How “intelligence officials” spooked an anti-crime activist
‘Miriam’ is an active member of R2K who is also very involved in anti-crime efforts in her community, where violent crime has drawn the attention of the authorities. In January 2015, men apparently representing an intelligence structure approached her three times, and she later discovered her house was under physical surveillance.
One evening while she and members of her community were doing an anti-crime walk through the neighbourhood, a white sedan rolled up and the men inside called her over. There were three men, she says – all in plain clothes.
“They asked what the protest was about and who I am, and am I the convenor of this march,” says Miriam. Assuming that they were just residents who had come to support the event, she answered all their questions. Then the man in the driver’s seat asked her name.
“My name is Miriam,” she answered.
He said, “Oh, you’re the Miriam?” He turned to the guy in the passenger seat and said, as if they already knew about her, “This is Miriam, have a good look at her.”
Miriam was taken aback, but thought it was possible they had heard her name through the grapevine.
“Why do you want to know who's my family? Why do you want to know where I stay? What interest is it to you who I am?”
Miriam’s second encounter
The next night, residents again took to streets in a peaceful march. The same car rolled up. This time only two of the men, but this time the man behind the wheel asked her to get into the car. She sat in the back seat.
This time, says Miriam, their questions were a lot more direct: Where do you stay? Do you have children? Are you married? Which organisation do you represent?
Miriam was stunned. “I’m starting to ask questions back,” she says. “Why do you want to know who’s my family? Why do you want to know where I stay? What interest is it to you who I am?”
The man responded, “It’s just part of our work,” but refused to say what sort of ‘work’ that was.
Miriam remembers feeling suddenly very unsafe. She told them, “Guys if you don’t have any more questions for me, I will rather get out of the car.”
The meeting had left Miriam feeling shaken, and she reported it to her committee the following day.
Miriam’s third encounter
That next evening, for the third night running, she joined the residents’ march through the streets. This time, as she was walking, one of the men from the car came up behind her and grabbed her. “He came up alongside me and hugged me like this,” says Miriam, simulating linking of arms, “and pulled me out of the protest and into the car.”
She was wearing a Right2Know t-shirt, and when she got into the back seat, one of the first things the men asked her was if she worked for Right2Know.
She said, “No, but I’m a great supporter of Right2Know.”
It became clear that the men had found out a lot of information about Miriam since their last meeting, including her affiliation with Right2Know. They began to list other organisations that she was affiliated with or where she had been employed. Some of the information was inaccurate, but it was clear that they had researched her.
Just then, her phone rang: one of her committee members. He had just called a local police contact to give a description of the men he’d seen accost Miriam and their car.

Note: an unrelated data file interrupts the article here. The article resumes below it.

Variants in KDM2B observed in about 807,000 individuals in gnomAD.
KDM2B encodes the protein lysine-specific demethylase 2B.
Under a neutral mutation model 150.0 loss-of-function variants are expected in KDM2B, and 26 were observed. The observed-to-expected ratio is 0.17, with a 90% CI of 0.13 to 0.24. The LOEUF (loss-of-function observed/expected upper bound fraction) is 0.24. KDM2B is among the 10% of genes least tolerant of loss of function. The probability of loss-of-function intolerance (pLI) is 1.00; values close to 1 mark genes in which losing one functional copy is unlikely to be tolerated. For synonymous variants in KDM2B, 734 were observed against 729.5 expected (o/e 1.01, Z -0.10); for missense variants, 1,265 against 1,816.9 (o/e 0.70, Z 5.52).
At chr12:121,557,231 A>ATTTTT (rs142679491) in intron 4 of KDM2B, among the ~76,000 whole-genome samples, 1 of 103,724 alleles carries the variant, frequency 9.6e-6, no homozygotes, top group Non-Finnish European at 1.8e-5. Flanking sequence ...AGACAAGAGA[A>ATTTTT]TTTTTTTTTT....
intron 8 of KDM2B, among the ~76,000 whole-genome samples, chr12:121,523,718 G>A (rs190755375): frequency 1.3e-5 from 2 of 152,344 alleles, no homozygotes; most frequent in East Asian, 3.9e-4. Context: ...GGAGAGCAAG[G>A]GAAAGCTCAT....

He told Miriam, “Make a smart move and get out of the car and don’t give them any more answers. These guys are from the national intelligence office.”
Miriam told the men that she was ending the interview and made to get out of the car, but not before one of the men said, “Okay, we know where you stay, if we need you again.”
“That made me scared,” remembers Miriam, especially after they had asked about her children. She had also not told them where she stayed.
“Currently a lot of things are happening and I’m trying to put my finger on it. I don’t know why it’s happening to me.”
The next week, Miriam noticed that a different white car had been parked on her street several days in a row. She says the car didn’t have a number plate. Two men she didn’t recognise were in the car. Several times, especially at night, one of the men would get out of the car and walk down the street, and peer into her front yard. It seemed clear that she had been put under physical surveillance.
It is difficult for Miriam to know what to make of all of this. She still does not know why intelligence operatives became so interested in her life. Even though she is involved in organising her community against crime, she feels like she is being monitored as if she were a criminal. It is possible that they believed they were protecting her, as she has received death threats from criminals in the area.
But their actions and motives lacked any transparency, and if they were trying to keep her safe, it is clear that their presence has had the opposite effect. She says she feels unsafe, and violated. She also feared that her phone was bugged.
“Currently a lot of things are happening and I’m trying to put my finger on it,” she says. “I don’t know why it’s happening to me.”
TAKE AWAY QUESTIONS
• How does an intelligence agency justify involving itself in the affairs of any community organisation, but especially one campaigning against violence and crime?
• Were the intelligence officials’ questions designed to intimidate Miriam or did they just have that effect?
• When Miriam demanded to know who they were and why they were interested, why did they refuse to give a straight answer?